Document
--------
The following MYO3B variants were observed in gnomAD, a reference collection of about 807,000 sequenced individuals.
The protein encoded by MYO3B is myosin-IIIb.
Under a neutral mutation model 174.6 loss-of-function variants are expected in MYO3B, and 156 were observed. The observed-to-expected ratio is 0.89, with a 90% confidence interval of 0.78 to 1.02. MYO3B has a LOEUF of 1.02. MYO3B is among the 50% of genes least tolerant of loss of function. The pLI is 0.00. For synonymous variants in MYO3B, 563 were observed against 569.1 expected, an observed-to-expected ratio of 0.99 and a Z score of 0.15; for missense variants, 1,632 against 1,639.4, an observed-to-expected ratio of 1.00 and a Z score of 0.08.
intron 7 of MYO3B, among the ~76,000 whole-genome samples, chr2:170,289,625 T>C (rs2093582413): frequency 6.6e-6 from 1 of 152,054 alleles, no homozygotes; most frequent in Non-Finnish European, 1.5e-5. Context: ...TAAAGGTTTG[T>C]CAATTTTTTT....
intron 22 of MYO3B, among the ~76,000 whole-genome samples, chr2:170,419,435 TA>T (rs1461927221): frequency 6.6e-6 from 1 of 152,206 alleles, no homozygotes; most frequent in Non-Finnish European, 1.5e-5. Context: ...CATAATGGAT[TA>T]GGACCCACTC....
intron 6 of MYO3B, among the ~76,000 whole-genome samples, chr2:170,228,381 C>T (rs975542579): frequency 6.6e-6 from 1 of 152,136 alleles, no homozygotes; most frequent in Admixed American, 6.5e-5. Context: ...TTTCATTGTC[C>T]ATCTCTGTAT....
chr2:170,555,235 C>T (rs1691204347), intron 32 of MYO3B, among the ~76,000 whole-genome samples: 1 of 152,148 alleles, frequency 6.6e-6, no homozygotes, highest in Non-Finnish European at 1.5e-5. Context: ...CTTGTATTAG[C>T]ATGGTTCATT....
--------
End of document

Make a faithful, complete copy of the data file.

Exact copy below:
The following MYO3B variants were observed in gnomAD, a reference collection of about 807,000 sequenced individuals.
The protein encoded by MYO3B is myosin-IIIb.
Under a neutral mutation model 174.6 loss-of-function variants are expected in MYO3B, and 156 were observed. The observed-to-expected ratio is 0.89, with a 90% confidence interval of 0.78 to 1.02. MYO3B has a LOEUF of 1.02. MYO3B is among the 50% of genes least tolerant of loss of function. The pLI is 0.00. For synonymous variants in MYO3B, 563 were observed against 569.1 expected, an observed-to-expected ratio of 0.99 and a Z score of 0.15; for missense variants, 1,632 against 1,639.4, an observed-to-expected ratio of 1.00 and a Z score of 0.08.
intron 7 of MYO3B, among the ~76,000 whole-genome samples, chr2:170,289,625 T>C (rs2093582413): frequency 6.6e-6 from 1 of 152,054 alleles, no homozygotes; most frequent in Non-Finnish European, 1.5e-5. Context: ...TAAAGGTTTG[T>C]CAATTTTTTT....
intron 22 of MYO3B, among the ~76,000 whole-genome samples, chr2:170,419,435 TA>T (rs1461927221): frequency 6.6e-6 from 1 of 152,206 alleles, no homozygotes; most frequent in Non-Finnish European, 1.5e-5. Context: ...CATAATGGAT[TA>T]GGACCCACTC....
intron 6 of MYO3B, among the ~76,000 whole-genome samples, chr2:170,228,381 C>T (rs975542579): frequency 6.6e-6 from 1 of 152,136 alleles, no homozygotes; most frequent in Admixed American, 6.5e-5. Context: ...TTTCATTGTC[C>T]ATCTCTGTAT....
chr2:170,555,235 C>T (rs1691204347), intron 32 of MYO3B, among the ~76,000 whole-genome samples: 1 of 152,148 alleles, frequency 6.6e-6, no homozygotes, highest in Non-Finnish European at 1.5e-5. Context: ...CTTGTATTAG[C>T]ATGGTTCATT....